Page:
Artificial intelligence isn’t creative, but it might fix our fear of failure
Artificial intelligence is many things, but can it ever be creative? No, argues Amy Kean in this month's column, but it could help us to be if we stop expecting too much.
If Henry Ford had used AI would it have told him to make faster horses?
Or advised, with only 0.001% chance of error, to breed horses with brown manes instead of white? Maybe it would have suggested alterations to how a horse neighs. Forget the baritone of equidae, a high-pitched scream emitted every few minutes could facilitate an illusion of urgency on England’s busy, early twentieth century roads.
Failure is rarely an option. So, what something like AI gives, is a back-up.
It’s unlikely that artificial intelligence would have invented a car, when currently its better suited to inventing new names for horses at the Kentucky Derby, which happened last month. A tenner on Pat’s Glory Dance or Rapple Musty, anyone?
AI wasn’t invented by the ad industry or Silicon Valley, it’s been around since 1956. But it’s being discussed - a lot - at all levels of our food chain, from the start-ups powering its future and the agencies reportedly weaving it into their processes, to the clients buying into the dream of a data-dominated future. I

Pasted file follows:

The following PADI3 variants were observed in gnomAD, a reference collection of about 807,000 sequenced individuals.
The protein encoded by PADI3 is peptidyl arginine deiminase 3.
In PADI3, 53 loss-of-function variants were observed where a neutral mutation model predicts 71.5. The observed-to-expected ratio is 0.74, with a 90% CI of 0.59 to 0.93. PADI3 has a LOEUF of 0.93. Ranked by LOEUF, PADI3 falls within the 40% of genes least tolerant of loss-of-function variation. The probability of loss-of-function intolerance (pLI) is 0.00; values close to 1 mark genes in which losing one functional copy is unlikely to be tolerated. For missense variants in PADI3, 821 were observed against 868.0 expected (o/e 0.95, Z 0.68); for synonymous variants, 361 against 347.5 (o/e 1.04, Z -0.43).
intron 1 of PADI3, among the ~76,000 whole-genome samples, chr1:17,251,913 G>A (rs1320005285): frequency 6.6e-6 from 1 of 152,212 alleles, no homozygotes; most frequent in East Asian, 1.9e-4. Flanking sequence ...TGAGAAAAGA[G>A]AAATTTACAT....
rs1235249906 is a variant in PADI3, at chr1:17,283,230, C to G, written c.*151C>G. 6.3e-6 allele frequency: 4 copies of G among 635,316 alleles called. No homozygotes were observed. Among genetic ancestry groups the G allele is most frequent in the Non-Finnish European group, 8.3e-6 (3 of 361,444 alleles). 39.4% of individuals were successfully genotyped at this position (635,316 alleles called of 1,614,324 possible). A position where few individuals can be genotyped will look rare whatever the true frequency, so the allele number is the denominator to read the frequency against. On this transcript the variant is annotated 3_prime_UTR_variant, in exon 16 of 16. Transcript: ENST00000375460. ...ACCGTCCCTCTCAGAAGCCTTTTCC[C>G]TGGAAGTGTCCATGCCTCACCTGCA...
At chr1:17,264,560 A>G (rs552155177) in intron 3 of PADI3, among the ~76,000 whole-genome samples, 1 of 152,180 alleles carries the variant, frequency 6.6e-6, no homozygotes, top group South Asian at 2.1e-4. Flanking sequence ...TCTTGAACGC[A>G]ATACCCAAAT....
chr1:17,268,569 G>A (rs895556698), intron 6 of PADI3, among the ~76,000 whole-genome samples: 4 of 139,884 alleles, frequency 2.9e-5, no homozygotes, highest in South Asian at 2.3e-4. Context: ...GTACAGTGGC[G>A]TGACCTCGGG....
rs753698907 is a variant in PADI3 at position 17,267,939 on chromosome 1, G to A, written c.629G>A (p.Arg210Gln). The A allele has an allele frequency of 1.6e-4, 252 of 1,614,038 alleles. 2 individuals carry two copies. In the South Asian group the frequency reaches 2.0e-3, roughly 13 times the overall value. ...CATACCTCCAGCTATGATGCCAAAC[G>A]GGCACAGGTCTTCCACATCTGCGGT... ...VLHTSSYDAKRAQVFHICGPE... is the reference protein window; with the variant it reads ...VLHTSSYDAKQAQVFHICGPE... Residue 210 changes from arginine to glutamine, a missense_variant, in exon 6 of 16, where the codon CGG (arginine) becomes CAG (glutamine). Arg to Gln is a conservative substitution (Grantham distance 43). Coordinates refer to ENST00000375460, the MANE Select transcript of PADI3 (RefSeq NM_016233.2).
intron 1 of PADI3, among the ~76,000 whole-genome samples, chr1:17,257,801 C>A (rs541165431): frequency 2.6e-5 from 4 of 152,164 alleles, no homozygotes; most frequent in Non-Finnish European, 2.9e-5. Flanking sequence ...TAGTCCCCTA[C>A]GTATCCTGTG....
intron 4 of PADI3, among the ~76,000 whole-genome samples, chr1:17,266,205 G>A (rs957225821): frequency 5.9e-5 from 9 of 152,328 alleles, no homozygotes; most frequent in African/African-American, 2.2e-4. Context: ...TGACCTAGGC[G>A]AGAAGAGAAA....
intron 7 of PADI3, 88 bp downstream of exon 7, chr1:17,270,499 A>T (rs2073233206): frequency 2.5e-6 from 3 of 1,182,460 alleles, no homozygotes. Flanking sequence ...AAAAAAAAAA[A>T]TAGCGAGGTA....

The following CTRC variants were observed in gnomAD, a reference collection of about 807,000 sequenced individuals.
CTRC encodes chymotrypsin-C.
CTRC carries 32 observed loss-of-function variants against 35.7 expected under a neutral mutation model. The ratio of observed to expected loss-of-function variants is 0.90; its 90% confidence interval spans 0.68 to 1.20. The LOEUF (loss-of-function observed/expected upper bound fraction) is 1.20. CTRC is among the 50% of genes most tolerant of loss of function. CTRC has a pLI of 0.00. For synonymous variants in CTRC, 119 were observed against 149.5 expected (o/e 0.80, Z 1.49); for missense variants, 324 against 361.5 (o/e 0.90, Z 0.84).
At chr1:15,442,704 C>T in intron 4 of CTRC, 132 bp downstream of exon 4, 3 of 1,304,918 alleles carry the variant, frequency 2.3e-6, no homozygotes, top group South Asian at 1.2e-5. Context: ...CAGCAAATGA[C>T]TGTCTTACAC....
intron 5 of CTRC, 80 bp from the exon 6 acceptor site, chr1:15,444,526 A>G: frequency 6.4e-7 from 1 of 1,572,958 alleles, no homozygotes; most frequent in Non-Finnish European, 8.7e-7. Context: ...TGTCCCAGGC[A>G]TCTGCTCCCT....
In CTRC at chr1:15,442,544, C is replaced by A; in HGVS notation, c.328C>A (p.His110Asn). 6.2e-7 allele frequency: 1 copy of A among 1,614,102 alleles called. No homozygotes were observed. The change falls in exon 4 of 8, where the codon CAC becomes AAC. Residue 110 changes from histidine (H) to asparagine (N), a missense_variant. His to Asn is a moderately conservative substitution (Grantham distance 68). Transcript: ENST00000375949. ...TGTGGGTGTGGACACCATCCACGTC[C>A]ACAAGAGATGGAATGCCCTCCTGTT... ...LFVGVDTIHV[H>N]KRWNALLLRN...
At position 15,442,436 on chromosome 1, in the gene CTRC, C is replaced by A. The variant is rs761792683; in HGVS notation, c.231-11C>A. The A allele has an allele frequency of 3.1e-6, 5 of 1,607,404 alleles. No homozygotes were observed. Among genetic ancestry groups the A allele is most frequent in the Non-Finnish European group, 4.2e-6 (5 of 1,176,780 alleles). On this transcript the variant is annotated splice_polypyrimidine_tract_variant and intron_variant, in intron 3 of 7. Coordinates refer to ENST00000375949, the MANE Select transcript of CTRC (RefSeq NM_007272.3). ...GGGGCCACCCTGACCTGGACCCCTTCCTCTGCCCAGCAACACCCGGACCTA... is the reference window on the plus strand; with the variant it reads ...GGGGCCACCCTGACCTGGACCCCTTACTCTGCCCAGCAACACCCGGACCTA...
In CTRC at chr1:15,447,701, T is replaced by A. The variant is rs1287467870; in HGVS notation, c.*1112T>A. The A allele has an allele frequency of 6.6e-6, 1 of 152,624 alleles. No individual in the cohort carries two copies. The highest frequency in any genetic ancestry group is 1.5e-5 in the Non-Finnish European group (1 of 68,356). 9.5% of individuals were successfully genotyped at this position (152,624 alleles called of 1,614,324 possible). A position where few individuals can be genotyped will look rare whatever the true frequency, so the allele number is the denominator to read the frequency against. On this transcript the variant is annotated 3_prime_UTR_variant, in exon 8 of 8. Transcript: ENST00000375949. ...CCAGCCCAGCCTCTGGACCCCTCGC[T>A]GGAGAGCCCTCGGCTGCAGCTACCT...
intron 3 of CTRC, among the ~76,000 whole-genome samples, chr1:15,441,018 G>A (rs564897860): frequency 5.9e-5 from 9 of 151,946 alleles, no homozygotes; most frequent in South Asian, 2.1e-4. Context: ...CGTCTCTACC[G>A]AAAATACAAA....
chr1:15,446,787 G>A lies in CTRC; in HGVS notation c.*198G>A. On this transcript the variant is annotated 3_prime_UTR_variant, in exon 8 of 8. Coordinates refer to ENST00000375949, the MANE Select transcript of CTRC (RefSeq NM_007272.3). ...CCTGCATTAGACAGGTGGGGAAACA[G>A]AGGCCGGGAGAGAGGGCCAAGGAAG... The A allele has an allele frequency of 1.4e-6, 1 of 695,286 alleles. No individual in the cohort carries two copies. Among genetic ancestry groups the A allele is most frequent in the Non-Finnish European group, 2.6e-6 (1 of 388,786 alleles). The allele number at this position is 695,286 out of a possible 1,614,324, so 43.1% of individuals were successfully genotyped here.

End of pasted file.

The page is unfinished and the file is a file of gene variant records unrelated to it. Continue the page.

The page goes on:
It’s not without its hyperbolic narratives: by using sophisticated algorithms to create content at an unprecedented scale we can (at last!) find the perfect combination of images and words to use in an ad. Machine learning enables us to produce unique, popular works of art in seconds, across multiple genres, by digesting the most revered of what has come before.
Last year Burger King used AI that read every script of their previous ads to create new ads; the ridiculous, nonsensical results described as ‘beautiful disasters’.
AI can also provide us with new combinations of stimulus that can push the boundaries of our imaginations because they are so unexpected. Very few processes are entirely random, but this gets close. For example, Inspirobot.me creates soul-pummeling motivational sayings and layers them on top of stock imagery. It’s hilarious, and a great take on the banality and mental health implications of social content. But it’s not creative.
I’ve just finished a fascinating book by Professor Susan Greenfield called You and Me. The Neuroscience of Identity, which talks about the origination of creativity in the human mind, and how we each need our own – forged by memories and experiences - to successfully exist in society. Creativity is what makes us, us.
Three things are required, says Greenfield, for true creativity to occur:
1. The deconstruction of reality (i.e. norms, situations).
2. The novel combinations of words, pictures and sounds.
AI can easily tick both these boxes.
But the third and most difficult to replicate is a significance to the creator and beholder.
If we’re realistic about what AI can achieve rather than treating it as the second coming, we could be onto a winner.
Art is interpreted and contextual. Something produced by a computer will never have a reason, motive, relationship or background story. What is ‘thought up’ by a machine has no psychological or neurological meaning fueled by a conscious human identity. There is no debate: AI cannot be creative because (for now, at least) it has no consciousness. (If you don’t believe me, also check out this video by computer science pioneer Barbara Grosz).